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Monday, July 13

it was the best of times, it was the worst of times

Chautauqua brings out the Dickens in me. This truly was a "Tale of Two Craft Shows", though. I'm punning purposely. I also adore alliteration.

OK. Let me start with this humble confession. I am not "cool". I am not one of those artisans that sniffs haughtily and says "just show me the money" inferring that you could set up a show atop a nuclear energy plant with a suspicious leak and that would be just fine as long as people bought your stuff. I love some of the venues we do, the fun of being there is part of my personal profit and loss statement. And I love Chautauqua. How can you not love a place dedicated to the pursuit of knowledge, culture and spirituality?

Granted, I love the fact that I can make a nice profit there, too. I may not be cool but I am also not stupid.

Chautauqua looks like this on a lazy Summer day:

I swear you can feel the stress leaving your body, dropping off your fingertips into the perfectly manicured lawns.

So, we arrive at the gate Friday morning within a few minutes of our assigned time and proceed to unload. The weather is perfect and I choose to believe the dire forecast for Saturday is just a big mistake.

The chaos of set up

becomes our cozy booth

and even though sales were not as brisk as last year, I am content. As a precaution, Russell rolls up the rug in case it rains and we head back to our bare bones efficiency unit, too tired to stroll by the lake or stay for the concert.

We'll do it tomorrow, we say.

But, what we do "tomorrow" is try to stay dry and alive. The storm hit early, with pounding rain, blinding lightning, thunder that rattled the bones. All all that separated us from that was an art canopy that bobbed and weaved with the wind, its sides fluttering, the top groaning, the frame dancing. I sat on my tall artist chair with my feet up and watched the rain start to flood our little piece of the world. Few brave souls ventured out.

I'm sure most of them were doing what I fantasized..curling up with a good book and a hot cup of tea. Not the art carnies. We were huddled inside our tents, wincing at the thunder and wondering what it was we found so awful about those office jobs.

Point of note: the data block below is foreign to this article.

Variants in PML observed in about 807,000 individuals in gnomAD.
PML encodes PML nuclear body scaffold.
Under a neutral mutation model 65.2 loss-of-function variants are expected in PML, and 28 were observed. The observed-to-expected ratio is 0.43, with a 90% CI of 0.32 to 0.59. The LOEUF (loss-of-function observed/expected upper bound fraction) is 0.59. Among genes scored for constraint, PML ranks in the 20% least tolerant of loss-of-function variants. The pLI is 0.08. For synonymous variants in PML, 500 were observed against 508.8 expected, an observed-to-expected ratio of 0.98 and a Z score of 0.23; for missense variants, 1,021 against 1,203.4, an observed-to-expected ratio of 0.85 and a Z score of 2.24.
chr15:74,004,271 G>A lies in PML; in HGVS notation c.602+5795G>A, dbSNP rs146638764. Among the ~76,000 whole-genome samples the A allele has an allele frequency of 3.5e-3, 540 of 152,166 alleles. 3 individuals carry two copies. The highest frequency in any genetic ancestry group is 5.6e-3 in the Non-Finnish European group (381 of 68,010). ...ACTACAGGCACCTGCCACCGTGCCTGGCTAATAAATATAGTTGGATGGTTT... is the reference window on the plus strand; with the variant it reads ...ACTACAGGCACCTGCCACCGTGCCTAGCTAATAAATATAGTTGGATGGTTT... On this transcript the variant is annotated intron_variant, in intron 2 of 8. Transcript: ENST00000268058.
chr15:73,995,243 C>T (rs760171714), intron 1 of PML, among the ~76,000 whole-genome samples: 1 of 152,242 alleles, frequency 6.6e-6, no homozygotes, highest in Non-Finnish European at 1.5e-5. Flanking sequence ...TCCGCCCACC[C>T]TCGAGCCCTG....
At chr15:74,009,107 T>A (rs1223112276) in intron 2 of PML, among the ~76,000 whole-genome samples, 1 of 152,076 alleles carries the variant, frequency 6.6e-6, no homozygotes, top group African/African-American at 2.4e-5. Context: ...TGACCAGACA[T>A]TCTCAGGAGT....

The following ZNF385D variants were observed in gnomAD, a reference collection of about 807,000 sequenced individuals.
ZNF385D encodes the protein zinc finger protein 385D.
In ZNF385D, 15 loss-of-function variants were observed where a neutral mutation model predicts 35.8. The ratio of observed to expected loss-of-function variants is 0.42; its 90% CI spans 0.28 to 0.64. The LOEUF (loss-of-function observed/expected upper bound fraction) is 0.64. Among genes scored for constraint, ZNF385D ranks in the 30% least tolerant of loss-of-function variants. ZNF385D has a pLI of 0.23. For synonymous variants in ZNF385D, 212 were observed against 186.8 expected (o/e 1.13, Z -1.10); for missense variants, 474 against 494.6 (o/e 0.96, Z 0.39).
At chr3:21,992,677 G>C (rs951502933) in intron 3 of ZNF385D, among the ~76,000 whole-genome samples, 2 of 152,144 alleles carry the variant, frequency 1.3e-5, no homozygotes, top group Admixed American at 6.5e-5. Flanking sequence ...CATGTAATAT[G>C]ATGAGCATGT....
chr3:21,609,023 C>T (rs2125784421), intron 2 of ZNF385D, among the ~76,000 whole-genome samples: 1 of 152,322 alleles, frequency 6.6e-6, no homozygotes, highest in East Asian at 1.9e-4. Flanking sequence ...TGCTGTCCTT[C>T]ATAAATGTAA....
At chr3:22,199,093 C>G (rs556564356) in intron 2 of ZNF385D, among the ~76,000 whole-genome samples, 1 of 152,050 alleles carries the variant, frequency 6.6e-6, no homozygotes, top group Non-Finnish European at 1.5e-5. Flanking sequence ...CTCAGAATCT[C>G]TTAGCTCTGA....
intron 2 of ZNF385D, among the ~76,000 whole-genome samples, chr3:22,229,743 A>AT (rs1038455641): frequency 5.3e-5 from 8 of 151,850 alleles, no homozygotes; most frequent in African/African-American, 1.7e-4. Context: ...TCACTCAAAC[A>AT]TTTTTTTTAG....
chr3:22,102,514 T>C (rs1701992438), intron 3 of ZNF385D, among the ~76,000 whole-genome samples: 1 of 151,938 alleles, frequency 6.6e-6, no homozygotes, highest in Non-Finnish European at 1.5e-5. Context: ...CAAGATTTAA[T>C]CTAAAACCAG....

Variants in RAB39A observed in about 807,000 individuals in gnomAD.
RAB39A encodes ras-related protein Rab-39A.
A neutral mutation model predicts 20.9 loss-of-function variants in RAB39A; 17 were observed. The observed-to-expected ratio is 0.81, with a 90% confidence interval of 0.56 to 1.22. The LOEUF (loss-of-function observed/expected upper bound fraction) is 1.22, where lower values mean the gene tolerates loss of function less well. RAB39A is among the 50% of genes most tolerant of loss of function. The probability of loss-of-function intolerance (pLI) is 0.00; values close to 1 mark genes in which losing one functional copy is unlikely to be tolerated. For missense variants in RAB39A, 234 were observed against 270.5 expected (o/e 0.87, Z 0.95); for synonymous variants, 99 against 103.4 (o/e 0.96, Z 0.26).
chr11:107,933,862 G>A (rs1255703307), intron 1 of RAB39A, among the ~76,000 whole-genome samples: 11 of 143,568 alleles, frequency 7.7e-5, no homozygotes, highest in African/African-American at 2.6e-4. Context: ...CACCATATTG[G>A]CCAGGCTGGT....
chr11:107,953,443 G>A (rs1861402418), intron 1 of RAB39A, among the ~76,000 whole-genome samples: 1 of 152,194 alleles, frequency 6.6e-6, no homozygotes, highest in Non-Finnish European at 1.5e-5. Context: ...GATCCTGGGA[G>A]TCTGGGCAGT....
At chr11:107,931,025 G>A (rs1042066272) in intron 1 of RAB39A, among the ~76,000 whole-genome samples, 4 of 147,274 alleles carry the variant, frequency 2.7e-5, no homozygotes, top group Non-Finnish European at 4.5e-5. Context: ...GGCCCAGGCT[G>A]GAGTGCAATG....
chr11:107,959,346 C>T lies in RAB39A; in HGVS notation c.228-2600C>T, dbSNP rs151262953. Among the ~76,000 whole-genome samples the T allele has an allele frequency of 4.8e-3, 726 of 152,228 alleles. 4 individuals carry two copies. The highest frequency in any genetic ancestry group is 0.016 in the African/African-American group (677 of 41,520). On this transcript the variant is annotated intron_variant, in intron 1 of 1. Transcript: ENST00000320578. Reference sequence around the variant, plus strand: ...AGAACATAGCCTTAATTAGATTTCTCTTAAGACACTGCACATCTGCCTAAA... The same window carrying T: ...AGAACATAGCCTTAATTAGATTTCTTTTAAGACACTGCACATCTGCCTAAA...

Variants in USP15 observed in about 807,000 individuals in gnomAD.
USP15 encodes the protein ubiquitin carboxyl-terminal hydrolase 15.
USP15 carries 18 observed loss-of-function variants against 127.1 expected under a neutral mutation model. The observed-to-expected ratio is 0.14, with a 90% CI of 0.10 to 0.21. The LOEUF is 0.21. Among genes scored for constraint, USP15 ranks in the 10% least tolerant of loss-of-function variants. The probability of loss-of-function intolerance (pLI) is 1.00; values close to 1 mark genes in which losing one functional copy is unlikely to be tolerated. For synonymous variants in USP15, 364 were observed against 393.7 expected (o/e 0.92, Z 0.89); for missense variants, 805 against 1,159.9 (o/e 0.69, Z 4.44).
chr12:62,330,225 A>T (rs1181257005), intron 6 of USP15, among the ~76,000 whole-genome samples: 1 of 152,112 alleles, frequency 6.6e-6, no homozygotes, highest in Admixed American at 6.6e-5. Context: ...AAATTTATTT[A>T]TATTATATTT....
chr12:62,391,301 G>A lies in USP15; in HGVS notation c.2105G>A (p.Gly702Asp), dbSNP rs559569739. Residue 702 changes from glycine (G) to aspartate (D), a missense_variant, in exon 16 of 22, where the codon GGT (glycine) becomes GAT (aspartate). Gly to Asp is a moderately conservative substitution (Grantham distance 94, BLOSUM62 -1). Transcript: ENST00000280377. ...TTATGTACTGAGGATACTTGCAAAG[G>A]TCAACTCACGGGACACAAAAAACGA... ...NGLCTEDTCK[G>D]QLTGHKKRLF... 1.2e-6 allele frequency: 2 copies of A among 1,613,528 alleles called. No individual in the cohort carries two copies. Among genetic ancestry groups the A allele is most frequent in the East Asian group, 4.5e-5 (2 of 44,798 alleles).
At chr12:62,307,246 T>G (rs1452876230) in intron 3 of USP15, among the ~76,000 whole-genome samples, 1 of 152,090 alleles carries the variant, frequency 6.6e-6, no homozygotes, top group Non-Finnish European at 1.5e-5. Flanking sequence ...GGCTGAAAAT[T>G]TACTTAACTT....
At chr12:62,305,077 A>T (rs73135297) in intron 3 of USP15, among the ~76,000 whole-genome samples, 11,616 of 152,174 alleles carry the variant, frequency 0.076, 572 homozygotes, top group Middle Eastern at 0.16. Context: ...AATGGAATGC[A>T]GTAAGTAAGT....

In the midst of it, one of the show's committee persons unzipped our front panel and peeked in. She was holding her slicker closed with one hand and trying to keep a hat on with the other. She was checking to see if we were OK and if we needed help. This is not normal. At most shows, if a storm hits, the committee heads for the nearest bar, sips mojitos and watches us through plate glass, pointing and giggling.

Or so I imagine.

Amazingly, a couple of hours after it started, the storm ended, clouds parted, blue sky, sun, birdsong. We tidied ourselves and our booths and pretended nothing untoward had happened. But kept a close eye on the sky.

The customers came out from their cozy cottages and wandered about. There were some rumbles from above and just as we were set to close down for the night a shower moved through, but we were encouraged about tomorrow and headed off in a group of eight to have dinner and conversation.None of the pictures came out, this is the best:

I won't do the "from L to R are:" because I didn't ask any of them if that was OK, but the artists among them are Cheryl, Tim, Laura and Elizabeth. Not that you could recognize anyone from a photo like that. But we had fun.

Then came Sunday. A perfect name for a perfect day. Sun. All day. Not too hot. gentle breezes. It was an apology from the Universe. People came out in throngs. The strawberry shortcake sale helped.

I love this show. For the sales, sure, but also for the strawberry shortcake and the young boys chanting "Chautauqua Times 50 cents" in the early morning and violin music drifting in and out with the breezes and the streets filled with bicycles and the bathing suits hung over porch railings, children splashing in the fountain. I am not cool. These things make me happy.

You can't buy happy.

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